It was good to be able to get back to the terrace, without bypassing the nervous creature, and I certainly realized then I wasn’t made for the country life.

But grazie for this childhood vignette, galletto!

Modena Rivisited

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I never thought it would be so beautiful

Modena.

Okay, sure, I had been there several times, mostly when I was very young, since it was my mother’s hometown.  I have vague memories of my nonna with her hair pulled up in a tight bun, and it had a sort of a bluish hue.

I recall being there as a teen, unhappily dragged along by my parents for some holidays, begrudging the fact that I would not see my boyfriend for several days.  But I was too involved in my own dramas to pay much attention.

This time it was different.  And I owe it to them, my wonderful cousins, whom I hardly knew, but who gave me the precious opportunity to spend a longer period in this absolutely lovely city, welcoming me and my daughter to their pretty home with touching warmth and kindness.  Not a reception one receives often as a guest.

Taking a walk around town on the very first day, I felt swaddled in a vibrant golden light: the stunning yellow and orange buildings of Modena, reflecting and intensifying the sunlight, warming the city and our hearts, as we wandered through the magnificent centro storico.  I’m fascinated by the superb architecture, the splendid Romanesque Duomo – the main cathedral- and its Ghirlandina, the bell tower that has become the beloved symbol of the city.  Elegant streets, shaded by classic arched portici, graced with chic shops, bars displaying a dizzying array of mouth-watering pastries, charming bicycle parking areas on the side (Modena is a serious bicycle town, the most common method of transportation!).  Rich in history, with its surprising, mysterious underground canals, with the beautiful Piazza grande, carpeted by thousands of river stones, smoothened by centuries of human footsteps, including my own, as I walked on them, a little tentatively in my heels, which I rarely do without.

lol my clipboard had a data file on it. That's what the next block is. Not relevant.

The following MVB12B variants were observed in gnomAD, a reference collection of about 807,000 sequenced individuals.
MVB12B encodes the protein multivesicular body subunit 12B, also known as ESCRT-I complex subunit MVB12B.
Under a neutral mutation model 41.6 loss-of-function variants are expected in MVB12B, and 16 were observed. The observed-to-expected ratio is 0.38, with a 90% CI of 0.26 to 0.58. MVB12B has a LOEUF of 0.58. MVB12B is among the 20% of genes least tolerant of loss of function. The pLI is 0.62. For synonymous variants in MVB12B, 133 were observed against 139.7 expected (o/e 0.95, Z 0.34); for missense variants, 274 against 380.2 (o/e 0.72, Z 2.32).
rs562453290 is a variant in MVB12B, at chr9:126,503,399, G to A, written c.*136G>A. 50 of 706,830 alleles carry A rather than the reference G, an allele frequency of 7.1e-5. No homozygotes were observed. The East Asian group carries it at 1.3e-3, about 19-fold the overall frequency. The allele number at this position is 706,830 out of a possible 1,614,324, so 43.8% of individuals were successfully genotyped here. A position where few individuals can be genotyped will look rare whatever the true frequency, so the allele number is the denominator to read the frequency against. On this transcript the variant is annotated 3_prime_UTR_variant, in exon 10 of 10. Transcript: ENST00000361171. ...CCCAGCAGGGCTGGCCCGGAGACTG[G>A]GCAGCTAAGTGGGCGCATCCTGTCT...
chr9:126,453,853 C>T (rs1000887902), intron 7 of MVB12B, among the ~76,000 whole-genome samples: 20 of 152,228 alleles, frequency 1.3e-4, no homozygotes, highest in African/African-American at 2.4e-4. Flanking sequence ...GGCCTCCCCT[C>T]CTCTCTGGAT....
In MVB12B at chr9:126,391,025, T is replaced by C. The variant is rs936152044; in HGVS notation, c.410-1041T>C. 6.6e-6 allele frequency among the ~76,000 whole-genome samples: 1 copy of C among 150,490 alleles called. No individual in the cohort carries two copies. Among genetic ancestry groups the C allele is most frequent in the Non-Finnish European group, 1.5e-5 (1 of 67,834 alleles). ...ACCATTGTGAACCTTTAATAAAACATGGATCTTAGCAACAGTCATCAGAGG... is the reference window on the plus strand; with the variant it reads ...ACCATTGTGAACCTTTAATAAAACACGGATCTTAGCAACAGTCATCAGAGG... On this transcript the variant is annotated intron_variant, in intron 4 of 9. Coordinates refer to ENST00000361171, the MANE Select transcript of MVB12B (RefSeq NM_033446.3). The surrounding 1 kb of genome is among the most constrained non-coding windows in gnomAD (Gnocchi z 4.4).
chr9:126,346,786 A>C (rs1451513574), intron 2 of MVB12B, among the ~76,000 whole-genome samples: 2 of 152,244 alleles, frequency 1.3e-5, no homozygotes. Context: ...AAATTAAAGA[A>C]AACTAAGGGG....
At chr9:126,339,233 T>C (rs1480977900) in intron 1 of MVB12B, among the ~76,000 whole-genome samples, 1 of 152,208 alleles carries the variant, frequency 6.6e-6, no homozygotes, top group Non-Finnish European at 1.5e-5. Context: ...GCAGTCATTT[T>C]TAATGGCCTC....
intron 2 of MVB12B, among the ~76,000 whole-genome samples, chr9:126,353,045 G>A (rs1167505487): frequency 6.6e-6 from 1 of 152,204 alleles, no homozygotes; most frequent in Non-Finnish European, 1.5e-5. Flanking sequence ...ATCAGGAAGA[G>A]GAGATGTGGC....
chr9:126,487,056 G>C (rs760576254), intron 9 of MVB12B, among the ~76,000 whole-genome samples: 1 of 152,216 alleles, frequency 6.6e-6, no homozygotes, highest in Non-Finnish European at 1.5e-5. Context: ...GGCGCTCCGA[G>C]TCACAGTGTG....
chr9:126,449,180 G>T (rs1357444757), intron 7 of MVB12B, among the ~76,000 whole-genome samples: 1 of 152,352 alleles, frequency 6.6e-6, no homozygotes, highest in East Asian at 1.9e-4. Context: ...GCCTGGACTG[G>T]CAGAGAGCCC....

I grew up in Naples, since my modenese mother had fallen in love with this city during her honeymoon journey, and she and the city embraced each other with a love that would last a lifetime.  Therefore, because of the distance, Modena and all of mamma’s relatives, had been somewhat placed in the background, as my siblings and I lived a totally Southern Italian childhood.

But they were there, those Modena roots, strong and everlasting, just waiting their turn to be uncovered.